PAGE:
It saved my life.
Our prayer requests now are that the surgery was successful in removing as much as possible, preparation for me for chemo before heading home, and also I got a fever this evening that they are having trouble getting down, and they won’t let me go home until the fever is gone.
He said we should get the pathology results by Tuesday, he hopes, but since they sent the whole lot of it rather than only small biopsies, it might take until next Friday. He said I need to plan for six weeks off work, and that we are going to have to be very aggressive in treatment, so overall it could take longer. We will discuss that with the oncologist next week.
In the meantime, he said the third day after surgery is the worst, and several survivor friends told me the third day after chemo is the worst. That means it’s going to be an awfully fun weekend.
I want to go home tomorrow. I did all the things I was supposed to: got off oxygen, got my catheter out, walked my self to the bathroom with nurse help twice, walked to the bathroom on my own the rest of the day, got those leg pump things off my feet, and even had a shower and my bandages changed.
Many thanks to Nathan for helping me take a one-handed hospital shower, since the one tube I am still hooked into is my IV line, which made changing clothes and showering petty tricky. But it felt good to be clean, to have my bed sheets changed, and to be in my own pajamas.
I also got to eat real food for supper, after holding down jello for breakfast and some chicken broth for lunch.
It seemed to me to be a very long day, with lots of big news or big accomplishments in between naps. Some of it was scary news, but at least we know what is the next step. Regardless, I am grateful the surgery piece is done for now, and that my recovery is officially begun, even if recovery means preparing for the next battle.
Or if recovery means resting, which maybe for me is the hardest challenge of all.
I thought resting and being still would be hard for me, like after other surgeries, but this time the cancer and anemia and low blood counts all just have me wiped out, and I am grateful for any moments I can even be awake.
We called Nathan’s sisters and my brother today, giving them the update of what we know so far. I am so grateful for them, and for their love and support, and for caring so much even in their own busy lives. One of Nathan’s sisters is working tons extra right now, and the other one has a baby due at any moment, and my brother was at a funeral for his coworker this week. Cancer doesn’t stop real life, even when it feels like it, and their lives keep going in their worlds. It feels good, then, to receive their messages and phone calls and those little acts of service that mean so much. We love them, and pray for our siblings every day.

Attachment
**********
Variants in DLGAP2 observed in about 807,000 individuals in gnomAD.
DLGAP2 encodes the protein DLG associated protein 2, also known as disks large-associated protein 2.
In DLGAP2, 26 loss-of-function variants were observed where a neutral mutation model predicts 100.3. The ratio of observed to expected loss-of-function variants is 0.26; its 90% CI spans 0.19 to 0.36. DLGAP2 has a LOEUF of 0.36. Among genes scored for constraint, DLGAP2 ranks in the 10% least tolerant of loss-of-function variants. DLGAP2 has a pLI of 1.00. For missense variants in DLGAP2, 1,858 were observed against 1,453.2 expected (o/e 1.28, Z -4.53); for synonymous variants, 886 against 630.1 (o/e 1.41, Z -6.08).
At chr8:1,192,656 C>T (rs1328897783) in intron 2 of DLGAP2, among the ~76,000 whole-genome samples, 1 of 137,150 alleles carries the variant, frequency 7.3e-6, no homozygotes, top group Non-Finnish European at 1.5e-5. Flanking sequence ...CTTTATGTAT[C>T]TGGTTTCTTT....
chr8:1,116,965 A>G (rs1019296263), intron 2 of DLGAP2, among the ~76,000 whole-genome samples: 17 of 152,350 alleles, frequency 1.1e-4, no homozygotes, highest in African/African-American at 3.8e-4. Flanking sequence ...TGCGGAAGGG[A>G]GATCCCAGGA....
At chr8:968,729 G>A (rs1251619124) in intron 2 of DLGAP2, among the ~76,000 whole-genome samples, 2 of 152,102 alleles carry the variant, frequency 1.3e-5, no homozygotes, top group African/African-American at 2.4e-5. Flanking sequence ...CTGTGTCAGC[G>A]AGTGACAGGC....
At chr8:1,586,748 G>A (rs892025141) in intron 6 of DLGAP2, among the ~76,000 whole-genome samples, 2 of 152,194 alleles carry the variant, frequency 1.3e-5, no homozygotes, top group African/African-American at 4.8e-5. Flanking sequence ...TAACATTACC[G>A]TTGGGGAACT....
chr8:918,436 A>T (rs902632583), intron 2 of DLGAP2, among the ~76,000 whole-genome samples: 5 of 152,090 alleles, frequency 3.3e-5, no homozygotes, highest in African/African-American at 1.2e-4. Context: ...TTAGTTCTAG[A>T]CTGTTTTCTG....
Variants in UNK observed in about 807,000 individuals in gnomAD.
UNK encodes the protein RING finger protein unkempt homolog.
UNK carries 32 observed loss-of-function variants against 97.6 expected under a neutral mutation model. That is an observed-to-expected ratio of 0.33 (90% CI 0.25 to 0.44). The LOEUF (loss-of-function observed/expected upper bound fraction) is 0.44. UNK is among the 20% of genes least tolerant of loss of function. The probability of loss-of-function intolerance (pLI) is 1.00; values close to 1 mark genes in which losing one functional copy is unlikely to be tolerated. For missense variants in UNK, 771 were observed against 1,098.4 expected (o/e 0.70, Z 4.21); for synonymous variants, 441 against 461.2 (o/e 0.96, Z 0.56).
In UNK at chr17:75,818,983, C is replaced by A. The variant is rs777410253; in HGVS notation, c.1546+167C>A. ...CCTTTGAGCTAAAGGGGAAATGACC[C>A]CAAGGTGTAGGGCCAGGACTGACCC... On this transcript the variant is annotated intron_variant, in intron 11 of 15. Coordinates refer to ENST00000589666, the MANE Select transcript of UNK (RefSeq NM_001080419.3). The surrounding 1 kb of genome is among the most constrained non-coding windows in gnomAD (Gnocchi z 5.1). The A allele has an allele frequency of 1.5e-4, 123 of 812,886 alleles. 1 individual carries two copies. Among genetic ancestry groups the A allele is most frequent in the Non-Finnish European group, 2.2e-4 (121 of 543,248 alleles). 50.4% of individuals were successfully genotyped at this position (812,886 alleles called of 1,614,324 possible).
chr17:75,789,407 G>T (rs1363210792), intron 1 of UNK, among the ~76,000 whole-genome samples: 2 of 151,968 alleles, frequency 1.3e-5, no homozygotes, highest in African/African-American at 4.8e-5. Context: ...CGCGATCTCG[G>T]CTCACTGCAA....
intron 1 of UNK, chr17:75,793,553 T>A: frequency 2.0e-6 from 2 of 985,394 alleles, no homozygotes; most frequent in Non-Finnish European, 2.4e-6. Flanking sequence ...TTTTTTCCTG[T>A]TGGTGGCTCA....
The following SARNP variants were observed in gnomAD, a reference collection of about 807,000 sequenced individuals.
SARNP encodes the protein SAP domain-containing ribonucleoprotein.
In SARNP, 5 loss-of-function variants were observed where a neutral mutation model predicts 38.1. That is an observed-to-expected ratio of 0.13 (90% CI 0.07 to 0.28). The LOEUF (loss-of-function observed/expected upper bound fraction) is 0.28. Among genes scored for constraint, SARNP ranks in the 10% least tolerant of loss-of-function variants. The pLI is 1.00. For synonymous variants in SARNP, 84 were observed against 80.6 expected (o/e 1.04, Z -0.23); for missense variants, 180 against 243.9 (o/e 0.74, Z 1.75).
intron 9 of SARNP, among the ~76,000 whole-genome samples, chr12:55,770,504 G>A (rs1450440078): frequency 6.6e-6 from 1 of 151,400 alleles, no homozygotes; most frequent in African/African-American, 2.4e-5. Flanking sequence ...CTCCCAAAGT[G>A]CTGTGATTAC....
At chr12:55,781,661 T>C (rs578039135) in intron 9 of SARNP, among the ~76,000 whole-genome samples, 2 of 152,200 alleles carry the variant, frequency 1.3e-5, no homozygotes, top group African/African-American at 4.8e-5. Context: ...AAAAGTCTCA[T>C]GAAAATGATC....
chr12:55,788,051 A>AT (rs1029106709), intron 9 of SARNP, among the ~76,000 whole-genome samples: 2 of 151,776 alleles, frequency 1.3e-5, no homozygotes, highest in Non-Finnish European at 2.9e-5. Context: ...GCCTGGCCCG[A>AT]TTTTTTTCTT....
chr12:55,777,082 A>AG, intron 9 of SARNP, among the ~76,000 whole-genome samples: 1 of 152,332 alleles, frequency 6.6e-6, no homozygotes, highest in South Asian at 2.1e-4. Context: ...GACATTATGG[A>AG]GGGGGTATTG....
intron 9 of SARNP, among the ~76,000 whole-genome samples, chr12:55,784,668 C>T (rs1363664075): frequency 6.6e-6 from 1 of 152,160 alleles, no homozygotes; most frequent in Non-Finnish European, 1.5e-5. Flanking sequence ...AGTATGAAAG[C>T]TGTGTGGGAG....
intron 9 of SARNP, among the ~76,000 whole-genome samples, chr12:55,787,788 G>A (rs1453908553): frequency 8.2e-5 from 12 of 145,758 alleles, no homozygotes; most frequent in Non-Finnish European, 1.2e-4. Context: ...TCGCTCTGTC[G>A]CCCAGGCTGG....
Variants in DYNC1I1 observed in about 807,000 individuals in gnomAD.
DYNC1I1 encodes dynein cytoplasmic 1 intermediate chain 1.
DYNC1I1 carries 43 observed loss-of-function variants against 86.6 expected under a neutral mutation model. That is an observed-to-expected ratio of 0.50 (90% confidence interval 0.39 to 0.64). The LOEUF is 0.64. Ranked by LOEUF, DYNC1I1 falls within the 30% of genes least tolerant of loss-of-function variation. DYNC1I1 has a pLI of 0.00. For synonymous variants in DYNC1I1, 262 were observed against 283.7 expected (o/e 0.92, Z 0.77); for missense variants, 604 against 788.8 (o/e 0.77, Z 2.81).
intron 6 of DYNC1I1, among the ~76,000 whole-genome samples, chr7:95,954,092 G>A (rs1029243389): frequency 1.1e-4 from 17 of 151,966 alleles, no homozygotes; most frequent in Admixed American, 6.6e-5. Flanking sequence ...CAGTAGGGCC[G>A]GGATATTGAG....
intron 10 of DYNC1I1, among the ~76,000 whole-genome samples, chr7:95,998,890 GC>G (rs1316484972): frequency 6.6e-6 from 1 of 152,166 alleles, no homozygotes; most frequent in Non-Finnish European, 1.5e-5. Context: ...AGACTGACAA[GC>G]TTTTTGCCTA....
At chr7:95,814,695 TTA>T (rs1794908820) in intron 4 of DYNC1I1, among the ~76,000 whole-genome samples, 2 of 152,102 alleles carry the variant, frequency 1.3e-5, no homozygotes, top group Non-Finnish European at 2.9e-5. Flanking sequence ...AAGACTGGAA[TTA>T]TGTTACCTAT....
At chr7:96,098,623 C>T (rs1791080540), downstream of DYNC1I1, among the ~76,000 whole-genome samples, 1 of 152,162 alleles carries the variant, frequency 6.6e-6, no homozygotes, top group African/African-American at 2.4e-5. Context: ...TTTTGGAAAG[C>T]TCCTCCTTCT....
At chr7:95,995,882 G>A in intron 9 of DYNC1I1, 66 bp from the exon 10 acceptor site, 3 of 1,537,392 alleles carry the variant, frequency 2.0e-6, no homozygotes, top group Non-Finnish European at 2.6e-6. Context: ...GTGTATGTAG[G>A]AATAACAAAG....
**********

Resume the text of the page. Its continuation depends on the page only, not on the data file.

The comments, cards, emails, texts, and notes from everyone mean so much truly, as I read them over and over again, gaining strength and peace from them. Thank you.
It is 1030 when Nathan makes it back to the hospital after caring for the kids, getting them to bed, and taking care of the house. It is late enough the doors are locked, and he has to wind his way in through the ER entrance. He is so strong, and so faithful, and so good to me, even on these days with very little comfort or rest or sleep. He is my best friend, you know, and I love him more than anything.
We read our scriptures together, and pray, and he puts lotions on me, and sings me a lullaby while I cry after having to move my body to lie back down. My body has small moments without pain, but the getting up and down and sitting up and laying down is stabbing pains that hurt very much. He is patient with me, and careful with me, and every tear he wipes away makes me love him more. He is good to me, and faithful, and kind. I am not afraid when he is near, and know that whether this battle is one year or fifty, he will always be my favorite part of mortality and worth every bit of it.
Our eternity has already begun, and he is definitely my plan of happiness.